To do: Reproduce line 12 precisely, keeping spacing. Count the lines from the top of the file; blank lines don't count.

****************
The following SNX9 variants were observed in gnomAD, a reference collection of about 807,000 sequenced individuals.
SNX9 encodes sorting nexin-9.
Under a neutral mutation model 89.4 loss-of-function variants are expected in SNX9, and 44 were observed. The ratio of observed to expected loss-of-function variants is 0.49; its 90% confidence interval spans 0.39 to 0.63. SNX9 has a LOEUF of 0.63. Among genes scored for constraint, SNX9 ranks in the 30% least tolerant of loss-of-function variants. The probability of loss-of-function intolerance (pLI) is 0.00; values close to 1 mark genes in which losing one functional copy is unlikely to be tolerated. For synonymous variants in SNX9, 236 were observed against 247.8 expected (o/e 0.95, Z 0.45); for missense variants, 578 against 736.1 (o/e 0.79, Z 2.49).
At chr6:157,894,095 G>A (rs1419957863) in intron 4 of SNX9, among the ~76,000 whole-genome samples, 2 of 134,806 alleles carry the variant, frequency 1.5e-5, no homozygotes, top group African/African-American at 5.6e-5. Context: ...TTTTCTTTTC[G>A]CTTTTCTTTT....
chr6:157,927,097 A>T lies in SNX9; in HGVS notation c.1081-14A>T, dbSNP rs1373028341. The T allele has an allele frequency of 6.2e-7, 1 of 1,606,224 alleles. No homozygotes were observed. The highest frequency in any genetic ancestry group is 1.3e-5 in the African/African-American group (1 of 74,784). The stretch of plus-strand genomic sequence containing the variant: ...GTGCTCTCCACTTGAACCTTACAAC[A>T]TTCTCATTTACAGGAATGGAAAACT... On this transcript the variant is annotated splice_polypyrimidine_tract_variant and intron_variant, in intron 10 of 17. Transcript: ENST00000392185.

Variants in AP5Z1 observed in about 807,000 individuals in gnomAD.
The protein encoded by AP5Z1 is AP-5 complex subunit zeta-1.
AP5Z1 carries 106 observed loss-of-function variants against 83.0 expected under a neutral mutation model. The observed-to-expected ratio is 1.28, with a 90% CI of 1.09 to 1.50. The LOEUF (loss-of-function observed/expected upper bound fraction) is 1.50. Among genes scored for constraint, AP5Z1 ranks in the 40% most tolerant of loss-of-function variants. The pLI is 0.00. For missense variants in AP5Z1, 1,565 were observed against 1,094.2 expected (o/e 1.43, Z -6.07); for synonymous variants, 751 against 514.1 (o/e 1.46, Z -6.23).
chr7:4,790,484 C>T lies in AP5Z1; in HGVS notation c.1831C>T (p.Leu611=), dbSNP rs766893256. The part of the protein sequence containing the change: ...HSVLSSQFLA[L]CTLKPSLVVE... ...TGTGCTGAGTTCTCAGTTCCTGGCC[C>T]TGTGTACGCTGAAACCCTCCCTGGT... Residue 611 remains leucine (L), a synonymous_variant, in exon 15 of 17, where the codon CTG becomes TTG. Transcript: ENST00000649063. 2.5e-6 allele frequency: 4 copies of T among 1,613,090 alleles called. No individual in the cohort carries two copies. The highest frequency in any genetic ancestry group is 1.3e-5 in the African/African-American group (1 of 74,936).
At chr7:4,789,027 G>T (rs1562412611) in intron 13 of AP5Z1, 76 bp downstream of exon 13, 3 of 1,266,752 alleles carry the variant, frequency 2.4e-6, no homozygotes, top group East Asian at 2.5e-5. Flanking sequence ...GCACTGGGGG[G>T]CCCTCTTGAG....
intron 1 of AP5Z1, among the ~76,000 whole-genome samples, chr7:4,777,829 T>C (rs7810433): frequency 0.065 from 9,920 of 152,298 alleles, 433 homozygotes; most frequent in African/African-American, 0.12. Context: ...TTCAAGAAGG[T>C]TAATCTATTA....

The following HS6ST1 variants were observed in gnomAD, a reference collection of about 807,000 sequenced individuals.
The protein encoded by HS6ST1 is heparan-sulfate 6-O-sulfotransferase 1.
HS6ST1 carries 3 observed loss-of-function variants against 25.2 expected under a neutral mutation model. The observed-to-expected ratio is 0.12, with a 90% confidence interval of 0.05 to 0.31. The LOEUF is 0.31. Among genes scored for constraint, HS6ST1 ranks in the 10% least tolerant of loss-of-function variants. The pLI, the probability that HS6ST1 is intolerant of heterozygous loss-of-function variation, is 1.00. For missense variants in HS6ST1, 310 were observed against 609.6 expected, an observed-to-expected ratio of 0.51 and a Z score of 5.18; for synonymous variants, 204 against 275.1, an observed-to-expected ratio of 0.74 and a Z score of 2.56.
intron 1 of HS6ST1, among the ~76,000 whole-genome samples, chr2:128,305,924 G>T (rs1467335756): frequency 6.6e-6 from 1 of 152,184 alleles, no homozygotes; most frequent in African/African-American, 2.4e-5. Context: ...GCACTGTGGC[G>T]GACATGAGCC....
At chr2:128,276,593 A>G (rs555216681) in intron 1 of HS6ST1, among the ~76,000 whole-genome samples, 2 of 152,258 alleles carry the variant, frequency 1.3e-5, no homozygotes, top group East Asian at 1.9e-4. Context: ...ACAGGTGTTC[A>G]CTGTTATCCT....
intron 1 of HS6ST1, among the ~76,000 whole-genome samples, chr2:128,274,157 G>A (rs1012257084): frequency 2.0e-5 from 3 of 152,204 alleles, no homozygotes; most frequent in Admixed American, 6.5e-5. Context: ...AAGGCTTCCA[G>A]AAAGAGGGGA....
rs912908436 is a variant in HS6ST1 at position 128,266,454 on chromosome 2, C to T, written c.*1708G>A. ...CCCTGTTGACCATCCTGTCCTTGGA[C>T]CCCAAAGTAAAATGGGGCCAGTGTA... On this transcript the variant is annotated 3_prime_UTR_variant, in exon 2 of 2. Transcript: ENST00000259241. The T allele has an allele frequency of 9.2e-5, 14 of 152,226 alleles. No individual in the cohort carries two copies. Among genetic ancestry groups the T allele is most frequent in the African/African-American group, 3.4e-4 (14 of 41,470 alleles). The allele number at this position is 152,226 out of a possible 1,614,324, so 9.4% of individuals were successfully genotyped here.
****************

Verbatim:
The following HS6ST1 variants were observed in gnomAD, a reference collection of about 807,000 sequenced individuals.